My Very Own Church Conflict



If another member of the church sins against you, go and point out the fault when the two of you are alone. If the member listens to you, you have regained that one. But if you are not listened to, take one or two others along with you, so that every word may be confirmed by the evidence of two or three witnesses. + Matthew 18:15-16

It’s true: conflict in congregations can be a good thing. It can lead to new ways of thinking, open minds and hearts to new ways of being church, and keep congregations nimble, relevant, and flexible. Conflict is part of life and growth, no less in church communities than in any other.

My first experience with church conflict, however, fell well short of these ideals.

I was fresh out of seminary and doing a new church start. Young and idealistic, I was caught completely off guard by how a small, anonymous group of people could violate healthy forms of communication and impugn someone’s leadership and character.

I know everyone jokes about churches splitting over the color of the carpet or which hymnal to use, but what these folks seemed to be most concerned about was power and control. There was no talk of doctrine, vision, mission, or whether or not we were living up to the name “Christian.”

What there was instead were a few members of the congregation and a few more disgruntled folks who had already left, surreptitiously phone-calling other members whom they suspected shared their concerns about pastoral charisma, who had control, and church bylaws. Then those folks held secret meetings over the course of six months to discuss their concerns, with nary an invitation to anyone who could actually address them.

We were six years into this new church start. I was a young, new mother who was working hard to create beautiful weekly worship, preach the good news of the gospel, create communication systems to hold together our growing community, attract visitors, and shepherd her people through the conflict — but no one in this concerned group communicated with me directly. They met with each other instead, gathering again and again in an echo chamber. And then they wrote a letter — an unsigned, anonymous letter — outlining their grievances, and presented it to me through a representative. They requested a formal meeting, and invited a denominational official to facilitate.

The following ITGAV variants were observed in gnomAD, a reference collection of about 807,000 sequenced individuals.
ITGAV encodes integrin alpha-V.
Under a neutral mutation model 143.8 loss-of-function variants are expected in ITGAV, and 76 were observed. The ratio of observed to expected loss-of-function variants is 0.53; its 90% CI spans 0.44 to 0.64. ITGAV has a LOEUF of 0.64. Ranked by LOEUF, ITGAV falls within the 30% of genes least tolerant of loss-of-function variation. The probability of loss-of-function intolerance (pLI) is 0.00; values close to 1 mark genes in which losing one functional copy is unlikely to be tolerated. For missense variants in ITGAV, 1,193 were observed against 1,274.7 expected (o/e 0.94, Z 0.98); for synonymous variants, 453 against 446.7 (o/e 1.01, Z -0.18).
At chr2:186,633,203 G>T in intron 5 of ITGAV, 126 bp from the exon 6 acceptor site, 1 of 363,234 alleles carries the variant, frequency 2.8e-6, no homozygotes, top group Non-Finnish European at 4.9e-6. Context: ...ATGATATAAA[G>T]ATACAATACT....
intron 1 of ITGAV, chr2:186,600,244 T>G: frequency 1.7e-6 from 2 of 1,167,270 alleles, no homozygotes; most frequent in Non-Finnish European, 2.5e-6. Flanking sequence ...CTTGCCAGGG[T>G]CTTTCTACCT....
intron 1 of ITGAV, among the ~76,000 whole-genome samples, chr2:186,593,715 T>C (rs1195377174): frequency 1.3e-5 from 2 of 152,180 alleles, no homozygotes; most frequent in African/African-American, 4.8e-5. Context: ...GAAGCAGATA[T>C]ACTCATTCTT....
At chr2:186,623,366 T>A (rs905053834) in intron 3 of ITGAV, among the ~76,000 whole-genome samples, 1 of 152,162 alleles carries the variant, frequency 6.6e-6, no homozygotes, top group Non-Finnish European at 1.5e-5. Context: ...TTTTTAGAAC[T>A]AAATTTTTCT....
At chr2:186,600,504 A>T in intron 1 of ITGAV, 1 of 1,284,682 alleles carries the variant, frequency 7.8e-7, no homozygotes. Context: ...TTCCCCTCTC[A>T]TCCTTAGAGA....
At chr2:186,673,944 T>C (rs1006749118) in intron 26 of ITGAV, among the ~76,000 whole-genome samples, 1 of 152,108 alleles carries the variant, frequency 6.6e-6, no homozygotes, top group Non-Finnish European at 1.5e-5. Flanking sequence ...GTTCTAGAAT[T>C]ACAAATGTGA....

For all the solemn drama and intrigue, you would’ve thought their concerns were that I had been embezzling money, or that I had been sexually inappropriate with a parishioner. But as I sat there in the meeting listening, what they actually said were things like, “We didn’t know you were going out of town on vacation,” and “We don’t have enough input into what goes in the newsletter.”

It was surreal. The issues were all so minor, so easily handled directly and in person, and in any case completely inappropriate to months of secret gatherings. And yet the meeting itself was so tense and grim, as if issues of great moment were at last being brought to light. The facilitating denominational official nodded earnestly, in effect legitimating the concerns by not raising any questions about them or the group’s process and behavior.

I listened, responded calmly, made suggestions about how we could do things differently. But inside, my heart sank. The triviality of the issues, along with the intensity of the process, created a bizarre atmosphere of hostile dysfunction.

I remember leaving that meeting thinking two things: 1) “That’s it? There’s nothing there.” And 2) “Hmmm. Maybe pastoral ministry isn’t for me.”